Is Israel perpetuating a cycle of radicalization rather than ending it? : Consider This from NPR For months, Israeli Prime Minister Benjamin Netanyahu has been insisting that the goal of Israel's bombardment in Gaza is to "destroy Hamas."

But in the path of that destruction, more than 33,000 Palestinian civilians have been killed. Regular people, entire families, and more than 13,000 children.

Yet, it's not clear if Israel is any closer to its stated goal of destroying Hamas. In fact, is it possible that the horrors of this war could ignite a cycle of radicalization in the region?

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Is Israel perpetuating a cycle of radicalization rather than ending it?

Is Israel perpetuating a cycle of radicalization rather than ending it?

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Palestinians walk through the destruction from the Israeli offensive in Jabaliya refugee camp in the Gaza Strip earlier this year. Mahmoud Essa/AP hide caption

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Mahmoud Essa/AP

Palestinians walk through the destruction from the Israeli offensive in Jabaliya refugee camp in the Gaza Strip earlier this year.

Mahmoud Essa/AP

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1. Netanyahu's end goal.

Israeli Prime Minister Benjamin Netanyahu has had one stated goal since Israel began its military campaign in Gaza six months ago: a complete "victory" over, and eradication of, Hamas. As recently as February, Netanyahu framed victory as the key to peace and security in Israel.

But some experts — like Ambassador Dennis Ross, a former U.S. Middle East envoy — have warned that fully eradicating Hamas, or any terror group, is difficult.

33,00 Palestinians have been killed so far, with 13,000 of them children, according to the Palestinian Health Ministry. Some geopolitics researchers, like H.A. Hellyer with the Carnegie Endowment for International Peace, believe that if that number continues to grow, so does the possibility that groups like Hamas could be further radicalized.

2. How ideologies find ways to live on.

Ross cites the U.S. military's response to ISIS in the 2010s as an example of how difficult it is to win victory over an idea. He told NPR that the U.S. was able to defeat the group militarily, but that you can't get rid of a belief.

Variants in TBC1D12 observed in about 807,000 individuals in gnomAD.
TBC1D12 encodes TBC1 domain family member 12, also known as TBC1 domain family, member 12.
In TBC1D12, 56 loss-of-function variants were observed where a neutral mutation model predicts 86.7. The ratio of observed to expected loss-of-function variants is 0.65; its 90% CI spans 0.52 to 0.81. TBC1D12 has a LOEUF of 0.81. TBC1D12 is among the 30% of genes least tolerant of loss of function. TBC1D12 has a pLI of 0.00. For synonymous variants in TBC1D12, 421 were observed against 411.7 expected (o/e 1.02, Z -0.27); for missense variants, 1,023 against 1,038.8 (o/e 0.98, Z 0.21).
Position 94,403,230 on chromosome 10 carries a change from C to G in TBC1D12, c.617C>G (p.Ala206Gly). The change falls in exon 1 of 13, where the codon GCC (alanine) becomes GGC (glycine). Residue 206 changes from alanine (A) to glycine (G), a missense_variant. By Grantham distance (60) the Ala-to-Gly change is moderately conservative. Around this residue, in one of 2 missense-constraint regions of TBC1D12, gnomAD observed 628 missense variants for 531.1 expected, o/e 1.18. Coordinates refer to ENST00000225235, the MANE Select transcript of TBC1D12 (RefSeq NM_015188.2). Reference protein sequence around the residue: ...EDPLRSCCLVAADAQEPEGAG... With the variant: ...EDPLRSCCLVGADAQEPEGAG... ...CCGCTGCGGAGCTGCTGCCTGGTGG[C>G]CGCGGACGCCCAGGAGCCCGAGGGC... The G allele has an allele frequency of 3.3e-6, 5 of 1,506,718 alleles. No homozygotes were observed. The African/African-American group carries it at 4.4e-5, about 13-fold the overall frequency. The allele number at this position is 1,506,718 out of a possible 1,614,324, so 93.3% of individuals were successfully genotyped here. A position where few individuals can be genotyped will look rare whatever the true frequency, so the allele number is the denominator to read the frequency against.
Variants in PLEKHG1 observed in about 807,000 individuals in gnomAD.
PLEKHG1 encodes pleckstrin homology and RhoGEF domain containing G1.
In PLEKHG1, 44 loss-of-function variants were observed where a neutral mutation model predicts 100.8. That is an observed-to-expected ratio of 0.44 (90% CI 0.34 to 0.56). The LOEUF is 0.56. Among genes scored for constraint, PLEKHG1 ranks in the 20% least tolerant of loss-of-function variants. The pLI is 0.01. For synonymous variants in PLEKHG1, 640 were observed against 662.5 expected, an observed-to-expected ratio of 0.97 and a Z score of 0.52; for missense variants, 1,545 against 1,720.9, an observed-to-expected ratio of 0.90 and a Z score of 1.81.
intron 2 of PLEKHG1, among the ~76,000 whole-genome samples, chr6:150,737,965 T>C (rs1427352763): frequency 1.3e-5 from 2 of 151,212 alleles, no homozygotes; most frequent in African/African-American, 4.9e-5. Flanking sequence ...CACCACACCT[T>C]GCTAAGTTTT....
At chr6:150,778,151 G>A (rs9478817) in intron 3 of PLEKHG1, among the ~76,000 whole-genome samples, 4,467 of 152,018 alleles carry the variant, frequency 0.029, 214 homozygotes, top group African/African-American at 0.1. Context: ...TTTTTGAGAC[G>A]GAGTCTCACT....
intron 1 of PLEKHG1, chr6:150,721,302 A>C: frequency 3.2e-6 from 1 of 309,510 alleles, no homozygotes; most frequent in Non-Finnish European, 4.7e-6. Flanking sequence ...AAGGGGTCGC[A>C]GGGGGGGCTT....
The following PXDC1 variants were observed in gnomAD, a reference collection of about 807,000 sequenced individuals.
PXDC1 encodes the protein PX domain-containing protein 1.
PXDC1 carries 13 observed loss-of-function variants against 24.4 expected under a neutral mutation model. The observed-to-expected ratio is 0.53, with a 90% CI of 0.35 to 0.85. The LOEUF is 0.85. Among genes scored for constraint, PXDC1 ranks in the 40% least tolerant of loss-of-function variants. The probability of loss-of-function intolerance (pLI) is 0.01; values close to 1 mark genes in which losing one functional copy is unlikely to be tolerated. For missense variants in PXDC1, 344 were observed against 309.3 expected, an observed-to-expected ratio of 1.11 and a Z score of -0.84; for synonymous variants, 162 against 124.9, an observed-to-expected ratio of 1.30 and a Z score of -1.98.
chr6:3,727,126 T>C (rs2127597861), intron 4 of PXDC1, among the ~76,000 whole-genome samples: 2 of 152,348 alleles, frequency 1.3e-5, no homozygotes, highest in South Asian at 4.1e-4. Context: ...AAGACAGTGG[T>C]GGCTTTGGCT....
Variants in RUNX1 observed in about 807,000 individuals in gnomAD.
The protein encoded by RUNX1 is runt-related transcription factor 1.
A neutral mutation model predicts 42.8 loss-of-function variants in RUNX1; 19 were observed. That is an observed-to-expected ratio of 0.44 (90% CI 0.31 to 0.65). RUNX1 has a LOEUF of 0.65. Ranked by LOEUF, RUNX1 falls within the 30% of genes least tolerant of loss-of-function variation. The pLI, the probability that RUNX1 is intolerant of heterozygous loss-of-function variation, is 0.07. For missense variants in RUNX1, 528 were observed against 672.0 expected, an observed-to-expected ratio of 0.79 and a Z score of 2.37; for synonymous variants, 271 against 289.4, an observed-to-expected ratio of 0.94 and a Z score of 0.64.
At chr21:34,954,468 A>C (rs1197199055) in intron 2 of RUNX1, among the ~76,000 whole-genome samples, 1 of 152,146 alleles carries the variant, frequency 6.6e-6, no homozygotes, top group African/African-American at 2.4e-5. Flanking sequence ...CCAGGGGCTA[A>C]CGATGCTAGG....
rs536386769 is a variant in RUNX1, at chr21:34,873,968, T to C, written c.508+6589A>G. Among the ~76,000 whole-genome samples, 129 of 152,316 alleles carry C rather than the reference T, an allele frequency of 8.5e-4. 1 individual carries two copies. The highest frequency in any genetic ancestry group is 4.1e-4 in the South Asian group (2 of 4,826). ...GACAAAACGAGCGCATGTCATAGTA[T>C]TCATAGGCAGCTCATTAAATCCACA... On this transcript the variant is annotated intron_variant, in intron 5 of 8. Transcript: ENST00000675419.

"We still have 3,000 forces in Iraq for one reason; to prevent ISIS from coming back. We have 900 in Syria to prevent ISIS from coming back. And the truth is, there are pockets of ISIS today, because ISIS as an idea has not been eradicated," he said.

3. The impact of Israel's campaign on its security.

Hellyer doesn't believe Israel's military campaign is close to achieving its goal.

"I don't think it's possible to destroy Hamas. I think at best, you can radically degrade its military capacity. And I'm not sure that that's really what they've managed to do over the past six months," he told NPR.

Hellyer adds the current situation between Israel and Hamas could just fuel the radicalization.

"With the civilian death toll being at where it is, I reckon Hamas will actually have a lot of people that will be willing to be recruited in order to defend themselves against further Israeli attacks," he said.

"None of this is aiming us towards de-escalating what's going on. On the contrary, it's escalation upon escalation."

  • To hear more about how this impacts Israel and the U.S.'s perception among the international community, listen to the full Consider This podcast episode.

For sponsor-free episodes of Consider This, sign up for Consider This+ via Apple Podcasts or at plus.npr.org. Email us at considerthis@npr.org.

This episode was produced by Jonaki Mehta and Avery Keatley. It was edited by Courtney Dorning. Our executive producer is Sami Yenigun.